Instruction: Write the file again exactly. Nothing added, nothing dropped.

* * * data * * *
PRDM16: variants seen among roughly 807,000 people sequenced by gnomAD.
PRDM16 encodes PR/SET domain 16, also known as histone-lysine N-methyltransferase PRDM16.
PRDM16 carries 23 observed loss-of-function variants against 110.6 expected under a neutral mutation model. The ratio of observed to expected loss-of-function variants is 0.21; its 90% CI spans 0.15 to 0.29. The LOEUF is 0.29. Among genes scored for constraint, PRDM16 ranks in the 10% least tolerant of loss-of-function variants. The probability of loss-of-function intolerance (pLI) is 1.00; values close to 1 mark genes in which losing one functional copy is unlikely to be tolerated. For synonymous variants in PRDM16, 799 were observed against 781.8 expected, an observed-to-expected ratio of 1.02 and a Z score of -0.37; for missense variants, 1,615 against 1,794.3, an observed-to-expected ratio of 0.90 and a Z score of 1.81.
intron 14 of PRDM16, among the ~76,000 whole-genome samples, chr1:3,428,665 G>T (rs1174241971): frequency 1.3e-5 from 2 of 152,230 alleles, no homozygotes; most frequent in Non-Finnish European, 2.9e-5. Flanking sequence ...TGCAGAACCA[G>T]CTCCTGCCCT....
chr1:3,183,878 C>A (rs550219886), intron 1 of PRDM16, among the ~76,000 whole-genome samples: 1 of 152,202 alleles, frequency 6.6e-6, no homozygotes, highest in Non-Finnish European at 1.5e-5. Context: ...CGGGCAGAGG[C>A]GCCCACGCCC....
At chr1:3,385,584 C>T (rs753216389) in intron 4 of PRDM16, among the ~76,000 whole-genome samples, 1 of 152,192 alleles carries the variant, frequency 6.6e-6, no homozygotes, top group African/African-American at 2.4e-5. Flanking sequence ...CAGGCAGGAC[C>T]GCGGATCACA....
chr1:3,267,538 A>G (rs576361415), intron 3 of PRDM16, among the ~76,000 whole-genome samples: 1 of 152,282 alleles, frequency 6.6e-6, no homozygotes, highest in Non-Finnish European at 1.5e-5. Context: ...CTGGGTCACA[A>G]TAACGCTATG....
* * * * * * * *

PRDM16: variants seen among roughly 807,000 people sequenced by gnomAD.
PRDM16 encodes PR/SET domain 16, also known as histone-lysine N-methyltransferase PRDM16.
PRDM16 carries 23 observed loss-of-function variants against 110.6 expected under a neutral mutation model. The ratio of observed to expected loss-of-function variants is 0.21; its 90% CI spans 0.15 to 0.29. The LOEUF is 0.29. Among genes scored for constraint, PRDM16 ranks in the 10% least tolerant of loss-of-function variants. The probability of loss-of-function intolerance (pLI) is 1.00; values close to 1 mark genes in which losing one functional copy is unlikely to be tolerated. For synonymous variants in PRDM16, 799 were observed against 781.8 expected, an observed-to-expected ratio of 1.02 and a Z score of -0.37; for missense variants, 1,615 against 1,794.3, an observed-to-expected ratio of 0.90 and a Z score of 1.81.
intron 14 of PRDM16, among the ~76,000 whole-genome samples, chr1:3,428,665 G>T (rs1174241971): frequency 1.3e-5 from 2 of 152,230 alleles, no homozygotes; most frequent in Non-Finnish European, 2.9e-5. Flanking sequence ...TGCAGAACCA[G>T]CTCCTGCCCT....
chr1:3,183,878 C>A (rs550219886), intron 1 of PRDM16, among the ~76,000 whole-genome samples: 1 of 152,202 alleles, frequency 6.6e-6, no homozygotes, highest in Non-Finnish European at 1.5e-5. Context: ...CGGGCAGAGG[C>A]GCCCACGCCC....
At chr1:3,385,584 C>T (rs753216389) in intron 4 of PRDM16, among the ~76,000 whole-genome samples, 1 of 152,192 alleles carries the variant, frequency 6.6e-6, no homozygotes, top group African/African-American at 2.4e-5. Flanking sequence ...CAGGCAGGAC[C>T]GCGGATCACA....
chr1:3,267,538 A>G (rs576361415), intron 3 of PRDM16, among the ~76,000 whole-genome samples: 1 of 152,282 alleles, frequency 6.6e-6, no homozygotes, highest in Non-Finnish European at 1.5e-5. Context: ...CTGGGTCACA[A>G]TAACGCTATG....